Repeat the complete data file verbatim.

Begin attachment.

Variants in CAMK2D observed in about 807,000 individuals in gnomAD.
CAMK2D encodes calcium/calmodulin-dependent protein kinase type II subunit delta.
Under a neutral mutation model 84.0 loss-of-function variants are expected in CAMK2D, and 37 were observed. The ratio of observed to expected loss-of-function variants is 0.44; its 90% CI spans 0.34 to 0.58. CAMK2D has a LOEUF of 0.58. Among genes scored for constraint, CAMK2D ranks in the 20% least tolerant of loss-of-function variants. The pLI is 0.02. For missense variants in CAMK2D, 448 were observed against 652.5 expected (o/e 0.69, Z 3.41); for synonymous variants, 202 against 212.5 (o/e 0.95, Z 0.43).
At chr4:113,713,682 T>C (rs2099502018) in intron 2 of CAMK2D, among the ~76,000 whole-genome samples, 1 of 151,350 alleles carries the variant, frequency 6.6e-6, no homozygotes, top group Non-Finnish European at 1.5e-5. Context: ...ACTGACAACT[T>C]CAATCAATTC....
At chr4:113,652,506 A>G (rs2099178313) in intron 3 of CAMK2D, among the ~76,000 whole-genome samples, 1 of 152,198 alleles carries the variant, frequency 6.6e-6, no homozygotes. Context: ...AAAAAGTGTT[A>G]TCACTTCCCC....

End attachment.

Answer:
Variants in CAMK2D observed in about 807,000 individuals in gnomAD.
CAMK2D encodes calcium/calmodulin-dependent protein kinase type II subunit delta.
Under a neutral mutation model 84.0 loss-of-function variants are expected in CAMK2D, and 37 were observed. The ratio of observed to expected loss-of-function variants is 0.44; its 90% CI spans 0.34 to 0.58. CAMK2D has a LOEUF of 0.58. Among genes scored for constraint, CAMK2D ranks in the 20% least tolerant of loss-of-function variants. The pLI is 0.02. For missense variants in CAMK2D, 448 were observed against 652.5 expected (o/e 0.69, Z 3.41); for synonymous variants, 202 against 212.5 (o/e 0.95, Z 0.43).
At chr4:113,713,682 T>C (rs2099502018) in intron 2 of CAMK2D, among the ~76,000 whole-genome samples, 1 of 151,350 alleles carries the variant, frequency 6.6e-6, no homozygotes, top group Non-Finnish European at 1.5e-5. Context: ...ACTGACAACT[T>C]CAATCAATTC....
At chr4:113,652,506 A>G (rs2099178313) in intron 3 of CAMK2D, among the ~76,000 whole-genome samples, 1 of 152,198 alleles carries the variant, frequency 6.6e-6, no homozygotes. Context: ...AAAAAGTGTT[A>G]TCACTTCCCC....